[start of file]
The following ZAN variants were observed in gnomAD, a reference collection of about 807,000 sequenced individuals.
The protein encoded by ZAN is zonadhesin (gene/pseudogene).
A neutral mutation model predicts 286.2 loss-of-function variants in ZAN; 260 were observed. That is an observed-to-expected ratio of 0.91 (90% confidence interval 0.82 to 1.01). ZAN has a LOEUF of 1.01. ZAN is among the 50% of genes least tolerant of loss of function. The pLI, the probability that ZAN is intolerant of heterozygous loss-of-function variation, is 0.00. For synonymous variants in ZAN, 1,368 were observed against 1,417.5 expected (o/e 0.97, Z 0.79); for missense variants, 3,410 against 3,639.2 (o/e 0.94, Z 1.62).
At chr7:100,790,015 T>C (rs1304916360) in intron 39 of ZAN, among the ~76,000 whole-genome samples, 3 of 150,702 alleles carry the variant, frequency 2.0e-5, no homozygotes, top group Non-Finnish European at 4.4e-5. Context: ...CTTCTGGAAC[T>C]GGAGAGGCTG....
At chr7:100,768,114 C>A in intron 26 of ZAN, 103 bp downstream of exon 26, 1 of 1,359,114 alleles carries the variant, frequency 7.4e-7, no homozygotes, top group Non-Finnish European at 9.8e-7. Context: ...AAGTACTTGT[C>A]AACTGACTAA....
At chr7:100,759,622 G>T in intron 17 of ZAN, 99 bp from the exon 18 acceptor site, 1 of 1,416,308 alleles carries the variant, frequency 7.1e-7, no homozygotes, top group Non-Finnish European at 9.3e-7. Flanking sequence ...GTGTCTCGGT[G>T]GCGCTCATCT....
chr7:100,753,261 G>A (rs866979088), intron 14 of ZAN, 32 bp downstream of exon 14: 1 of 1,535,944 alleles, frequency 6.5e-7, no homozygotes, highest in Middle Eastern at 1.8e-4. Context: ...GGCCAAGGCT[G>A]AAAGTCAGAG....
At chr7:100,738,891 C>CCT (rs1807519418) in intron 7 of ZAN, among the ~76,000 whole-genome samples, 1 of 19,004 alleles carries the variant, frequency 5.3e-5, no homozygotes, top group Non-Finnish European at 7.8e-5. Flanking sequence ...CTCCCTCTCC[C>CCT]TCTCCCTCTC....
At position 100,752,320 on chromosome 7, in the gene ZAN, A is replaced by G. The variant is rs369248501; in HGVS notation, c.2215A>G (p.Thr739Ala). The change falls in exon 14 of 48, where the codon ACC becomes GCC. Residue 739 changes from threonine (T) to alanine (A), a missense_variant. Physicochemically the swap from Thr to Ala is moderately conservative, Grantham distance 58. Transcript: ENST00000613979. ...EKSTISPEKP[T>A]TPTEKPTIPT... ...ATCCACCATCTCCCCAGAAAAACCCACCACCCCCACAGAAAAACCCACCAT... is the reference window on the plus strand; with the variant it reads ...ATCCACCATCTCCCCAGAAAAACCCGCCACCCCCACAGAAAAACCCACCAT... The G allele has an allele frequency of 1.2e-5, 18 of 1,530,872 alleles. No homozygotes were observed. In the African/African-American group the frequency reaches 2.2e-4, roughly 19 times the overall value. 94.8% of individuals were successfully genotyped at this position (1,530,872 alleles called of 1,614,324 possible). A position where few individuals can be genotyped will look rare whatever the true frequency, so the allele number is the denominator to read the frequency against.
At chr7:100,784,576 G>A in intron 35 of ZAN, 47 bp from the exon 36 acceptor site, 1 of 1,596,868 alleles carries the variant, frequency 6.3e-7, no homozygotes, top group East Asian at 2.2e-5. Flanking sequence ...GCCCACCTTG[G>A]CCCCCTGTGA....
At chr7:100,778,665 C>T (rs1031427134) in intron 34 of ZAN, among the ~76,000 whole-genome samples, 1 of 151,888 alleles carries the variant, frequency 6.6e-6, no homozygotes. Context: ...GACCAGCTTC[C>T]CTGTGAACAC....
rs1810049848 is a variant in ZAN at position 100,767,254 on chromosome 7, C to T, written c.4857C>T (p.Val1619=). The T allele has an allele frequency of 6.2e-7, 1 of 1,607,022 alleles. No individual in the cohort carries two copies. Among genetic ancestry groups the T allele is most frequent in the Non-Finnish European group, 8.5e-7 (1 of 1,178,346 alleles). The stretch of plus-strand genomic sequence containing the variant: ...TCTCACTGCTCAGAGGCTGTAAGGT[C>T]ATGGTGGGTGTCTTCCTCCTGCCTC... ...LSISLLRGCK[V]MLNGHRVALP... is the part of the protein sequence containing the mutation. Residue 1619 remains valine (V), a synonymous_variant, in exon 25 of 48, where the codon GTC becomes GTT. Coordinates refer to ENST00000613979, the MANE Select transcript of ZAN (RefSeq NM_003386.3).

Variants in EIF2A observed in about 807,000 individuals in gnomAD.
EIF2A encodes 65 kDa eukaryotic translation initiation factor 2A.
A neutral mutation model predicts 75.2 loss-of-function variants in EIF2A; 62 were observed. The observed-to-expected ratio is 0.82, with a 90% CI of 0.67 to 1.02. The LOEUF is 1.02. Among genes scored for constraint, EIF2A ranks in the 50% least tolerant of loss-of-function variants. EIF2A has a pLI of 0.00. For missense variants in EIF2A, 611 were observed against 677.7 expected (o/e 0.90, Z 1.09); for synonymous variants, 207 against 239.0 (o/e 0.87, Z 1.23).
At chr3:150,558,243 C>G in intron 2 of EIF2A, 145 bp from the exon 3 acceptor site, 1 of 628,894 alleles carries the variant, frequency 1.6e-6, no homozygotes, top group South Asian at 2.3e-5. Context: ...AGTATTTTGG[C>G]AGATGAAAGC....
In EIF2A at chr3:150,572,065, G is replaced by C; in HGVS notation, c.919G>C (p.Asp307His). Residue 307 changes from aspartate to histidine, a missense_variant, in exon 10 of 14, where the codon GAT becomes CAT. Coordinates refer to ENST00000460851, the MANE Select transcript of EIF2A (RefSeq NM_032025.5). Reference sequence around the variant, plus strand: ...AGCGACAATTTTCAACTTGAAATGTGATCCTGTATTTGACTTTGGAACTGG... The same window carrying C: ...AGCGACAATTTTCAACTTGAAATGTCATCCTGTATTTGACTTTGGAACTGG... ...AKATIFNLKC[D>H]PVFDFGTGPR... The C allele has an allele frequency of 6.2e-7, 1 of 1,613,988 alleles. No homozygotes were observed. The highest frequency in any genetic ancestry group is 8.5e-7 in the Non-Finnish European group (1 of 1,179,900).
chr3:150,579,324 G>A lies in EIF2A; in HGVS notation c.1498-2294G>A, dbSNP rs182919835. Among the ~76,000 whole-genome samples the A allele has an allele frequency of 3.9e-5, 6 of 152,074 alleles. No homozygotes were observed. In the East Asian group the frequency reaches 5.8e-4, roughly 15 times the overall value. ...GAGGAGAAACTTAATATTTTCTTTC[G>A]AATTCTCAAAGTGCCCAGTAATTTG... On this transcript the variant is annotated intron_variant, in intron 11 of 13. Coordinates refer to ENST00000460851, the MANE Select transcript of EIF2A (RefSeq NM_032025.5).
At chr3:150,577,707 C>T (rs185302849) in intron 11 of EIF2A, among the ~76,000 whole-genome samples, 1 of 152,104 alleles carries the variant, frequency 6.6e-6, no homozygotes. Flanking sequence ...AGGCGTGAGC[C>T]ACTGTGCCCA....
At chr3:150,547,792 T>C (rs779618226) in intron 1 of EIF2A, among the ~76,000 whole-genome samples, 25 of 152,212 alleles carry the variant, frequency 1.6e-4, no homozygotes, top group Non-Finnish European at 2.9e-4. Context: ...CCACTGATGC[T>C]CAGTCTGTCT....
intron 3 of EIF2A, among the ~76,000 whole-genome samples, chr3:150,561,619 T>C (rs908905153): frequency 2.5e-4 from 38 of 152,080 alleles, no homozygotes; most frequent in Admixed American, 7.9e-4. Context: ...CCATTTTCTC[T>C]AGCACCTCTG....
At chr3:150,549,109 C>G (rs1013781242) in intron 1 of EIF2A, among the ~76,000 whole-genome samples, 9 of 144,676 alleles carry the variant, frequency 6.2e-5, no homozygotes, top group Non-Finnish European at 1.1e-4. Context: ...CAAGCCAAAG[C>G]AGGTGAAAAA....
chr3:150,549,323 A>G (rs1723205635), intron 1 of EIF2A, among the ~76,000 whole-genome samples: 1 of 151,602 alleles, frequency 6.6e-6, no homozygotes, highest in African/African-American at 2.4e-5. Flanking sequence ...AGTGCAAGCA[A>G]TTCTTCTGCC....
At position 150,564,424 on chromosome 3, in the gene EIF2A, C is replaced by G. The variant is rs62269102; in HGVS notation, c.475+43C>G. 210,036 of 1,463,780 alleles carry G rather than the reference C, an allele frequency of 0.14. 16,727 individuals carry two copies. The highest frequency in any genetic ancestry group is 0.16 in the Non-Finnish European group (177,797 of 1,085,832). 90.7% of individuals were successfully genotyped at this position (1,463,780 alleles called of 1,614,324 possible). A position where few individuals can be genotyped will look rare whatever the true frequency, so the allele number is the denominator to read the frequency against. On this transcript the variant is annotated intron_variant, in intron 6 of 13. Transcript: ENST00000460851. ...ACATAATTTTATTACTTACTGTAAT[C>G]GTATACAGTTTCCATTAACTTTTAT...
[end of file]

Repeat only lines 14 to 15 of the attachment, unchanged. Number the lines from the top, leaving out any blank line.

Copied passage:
EIF2A encodes 65 kDa eukaryotic translation initiation factor 2A.
A neutral mutation model predicts 75.2 loss-of-function variants in EIF2A; 62 were observed. The observed-to-expected ratio is 0.82, with a 90% CI of 0.67 to 1.02. The LOEUF is 1.02. Among genes scored for constraint, EIF2A ranks in the 50% least tolerant of loss-of-function variants. EIF2A has a pLI of 0.00. For missense variants in EIF2A, 611 were observed against 677.7 expected (o/e 0.90, Z 1.09); for synonymous variants, 207 against 239.0 (o/e 0.87, Z 1.23).